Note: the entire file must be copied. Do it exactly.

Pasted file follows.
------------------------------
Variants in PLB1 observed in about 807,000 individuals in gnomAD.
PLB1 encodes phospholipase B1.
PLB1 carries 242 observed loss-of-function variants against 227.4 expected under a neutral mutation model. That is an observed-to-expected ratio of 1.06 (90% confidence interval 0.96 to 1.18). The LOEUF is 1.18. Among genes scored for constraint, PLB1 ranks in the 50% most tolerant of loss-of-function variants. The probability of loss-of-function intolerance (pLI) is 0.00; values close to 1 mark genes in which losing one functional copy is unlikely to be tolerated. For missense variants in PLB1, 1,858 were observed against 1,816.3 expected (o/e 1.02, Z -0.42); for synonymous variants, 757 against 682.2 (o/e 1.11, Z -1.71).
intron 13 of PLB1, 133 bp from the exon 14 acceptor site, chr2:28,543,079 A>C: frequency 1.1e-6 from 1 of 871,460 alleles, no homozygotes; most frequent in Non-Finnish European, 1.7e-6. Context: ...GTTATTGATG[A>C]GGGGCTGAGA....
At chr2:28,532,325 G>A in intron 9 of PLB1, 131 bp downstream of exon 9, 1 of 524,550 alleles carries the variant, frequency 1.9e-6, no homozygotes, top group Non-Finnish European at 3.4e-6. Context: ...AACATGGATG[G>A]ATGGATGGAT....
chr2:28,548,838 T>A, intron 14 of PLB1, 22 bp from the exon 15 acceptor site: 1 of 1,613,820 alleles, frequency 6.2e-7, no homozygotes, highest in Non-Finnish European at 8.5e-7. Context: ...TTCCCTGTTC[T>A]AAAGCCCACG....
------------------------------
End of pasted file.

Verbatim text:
Variants in PLB1 observed in about 807,000 individuals in gnomAD.
PLB1 encodes phospholipase B1.
PLB1 carries 242 observed loss-of-function variants against 227.4 expected under a neutral mutation model. That is an observed-to-expected ratio of 1.06 (90% confidence interval 0.96 to 1.18). The LOEUF is 1.18. Among genes scored for constraint, PLB1 ranks in the 50% most tolerant of loss-of-function variants. The probability of loss-of-function intolerance (pLI) is 0.00; values close to 1 mark genes in which losing one functional copy is unlikely to be tolerated. For missense variants in PLB1, 1,858 were observed against 1,816.3 expected (o/e 1.02, Z -0.42); for synonymous variants, 757 against 682.2 (o/e 1.11, Z -1.71).
intron 13 of PLB1, 133 bp from the exon 14 acceptor site, chr2:28,543,079 A>C: frequency 1.1e-6 from 1 of 871,460 alleles, no homozygotes; most frequent in Non-Finnish European, 1.7e-6. Context: ...GTTATTGATG[A>C]GGGGCTGAGA....
At chr2:28,532,325 G>A in intron 9 of PLB1, 131 bp downstream of exon 9, 1 of 524,550 alleles carries the variant, frequency 1.9e-6, no homozygotes, top group Non-Finnish European at 3.4e-6. Context: ...AACATGGATG[G>A]ATGGATGGAT....
chr2:28,548,838 T>A, intron 14 of PLB1, 22 bp from the exon 15 acceptor site: 1 of 1,613,820 alleles, frequency 6.2e-7, no homozygotes, highest in Non-Finnish European at 8.5e-7. Context: ...TTCCCTGTTC[T>A]AAAGCCCACG....